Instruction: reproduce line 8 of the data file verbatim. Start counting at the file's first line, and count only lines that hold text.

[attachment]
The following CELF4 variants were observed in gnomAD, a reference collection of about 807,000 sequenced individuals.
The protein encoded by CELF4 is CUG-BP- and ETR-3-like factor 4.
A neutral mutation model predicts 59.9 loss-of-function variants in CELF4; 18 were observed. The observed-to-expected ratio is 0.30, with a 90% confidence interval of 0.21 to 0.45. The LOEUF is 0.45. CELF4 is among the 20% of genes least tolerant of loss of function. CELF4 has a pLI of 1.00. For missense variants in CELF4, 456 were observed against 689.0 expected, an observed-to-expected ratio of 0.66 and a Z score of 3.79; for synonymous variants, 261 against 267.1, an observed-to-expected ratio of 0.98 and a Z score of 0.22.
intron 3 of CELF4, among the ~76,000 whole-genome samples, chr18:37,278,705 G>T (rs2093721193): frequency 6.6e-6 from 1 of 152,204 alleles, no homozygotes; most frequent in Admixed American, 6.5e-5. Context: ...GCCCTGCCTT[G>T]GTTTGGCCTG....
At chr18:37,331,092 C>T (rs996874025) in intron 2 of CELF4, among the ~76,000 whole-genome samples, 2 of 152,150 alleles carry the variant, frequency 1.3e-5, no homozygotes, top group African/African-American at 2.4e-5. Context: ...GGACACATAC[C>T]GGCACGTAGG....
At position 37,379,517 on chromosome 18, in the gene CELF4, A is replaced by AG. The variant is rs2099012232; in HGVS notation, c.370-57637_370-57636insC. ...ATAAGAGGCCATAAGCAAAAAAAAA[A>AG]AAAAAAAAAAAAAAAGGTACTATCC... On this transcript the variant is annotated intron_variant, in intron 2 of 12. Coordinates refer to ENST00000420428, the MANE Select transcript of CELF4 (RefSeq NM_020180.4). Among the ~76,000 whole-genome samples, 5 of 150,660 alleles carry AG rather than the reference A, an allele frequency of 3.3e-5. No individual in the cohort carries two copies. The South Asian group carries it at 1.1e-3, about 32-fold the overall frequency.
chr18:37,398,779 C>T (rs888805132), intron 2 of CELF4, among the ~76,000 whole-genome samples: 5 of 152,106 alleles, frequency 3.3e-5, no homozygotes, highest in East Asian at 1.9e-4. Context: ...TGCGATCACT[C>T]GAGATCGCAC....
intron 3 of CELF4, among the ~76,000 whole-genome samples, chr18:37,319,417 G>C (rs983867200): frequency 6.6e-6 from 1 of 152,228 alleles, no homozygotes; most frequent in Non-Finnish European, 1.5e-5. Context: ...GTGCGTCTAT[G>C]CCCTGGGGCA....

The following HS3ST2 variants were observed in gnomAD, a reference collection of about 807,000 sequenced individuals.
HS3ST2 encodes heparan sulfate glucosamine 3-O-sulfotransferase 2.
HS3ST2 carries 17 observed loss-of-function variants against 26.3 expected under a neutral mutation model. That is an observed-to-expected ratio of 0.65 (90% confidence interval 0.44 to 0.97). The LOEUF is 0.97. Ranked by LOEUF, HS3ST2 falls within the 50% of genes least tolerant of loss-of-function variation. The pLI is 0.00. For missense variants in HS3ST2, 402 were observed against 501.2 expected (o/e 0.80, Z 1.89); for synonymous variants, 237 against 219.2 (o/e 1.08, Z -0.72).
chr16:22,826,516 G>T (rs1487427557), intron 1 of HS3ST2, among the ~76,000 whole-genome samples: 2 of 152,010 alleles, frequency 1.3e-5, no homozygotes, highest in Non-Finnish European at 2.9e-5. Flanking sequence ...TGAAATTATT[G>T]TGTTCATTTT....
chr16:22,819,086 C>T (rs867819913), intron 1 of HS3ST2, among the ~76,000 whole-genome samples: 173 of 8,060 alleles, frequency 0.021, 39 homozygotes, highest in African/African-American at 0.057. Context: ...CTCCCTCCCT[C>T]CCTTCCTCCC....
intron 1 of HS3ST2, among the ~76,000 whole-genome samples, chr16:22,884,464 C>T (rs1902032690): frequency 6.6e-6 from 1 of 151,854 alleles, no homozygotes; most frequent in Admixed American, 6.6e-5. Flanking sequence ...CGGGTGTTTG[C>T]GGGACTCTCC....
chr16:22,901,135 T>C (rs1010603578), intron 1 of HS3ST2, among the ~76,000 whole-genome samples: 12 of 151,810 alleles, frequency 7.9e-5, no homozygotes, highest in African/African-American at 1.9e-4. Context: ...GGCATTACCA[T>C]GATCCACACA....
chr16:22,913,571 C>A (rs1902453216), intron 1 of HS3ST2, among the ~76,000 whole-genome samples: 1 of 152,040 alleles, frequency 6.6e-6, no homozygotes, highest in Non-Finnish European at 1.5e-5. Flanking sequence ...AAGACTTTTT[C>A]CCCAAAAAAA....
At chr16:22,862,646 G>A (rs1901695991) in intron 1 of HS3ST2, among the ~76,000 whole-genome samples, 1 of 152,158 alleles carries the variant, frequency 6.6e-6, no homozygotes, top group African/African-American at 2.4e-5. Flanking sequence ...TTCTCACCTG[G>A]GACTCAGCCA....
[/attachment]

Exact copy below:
intron 3 of CELF4, among the ~76,000 whole-genome samples, chr18:37,319,417 G>C (rs983867200): frequency 6.6e-6 from 1 of 152,228 alleles, no homozygotes; most frequent in Non-Finnish European, 1.5e-5. Context: ...GTGCGTCTAT[G>C]CCCTGGGGCA....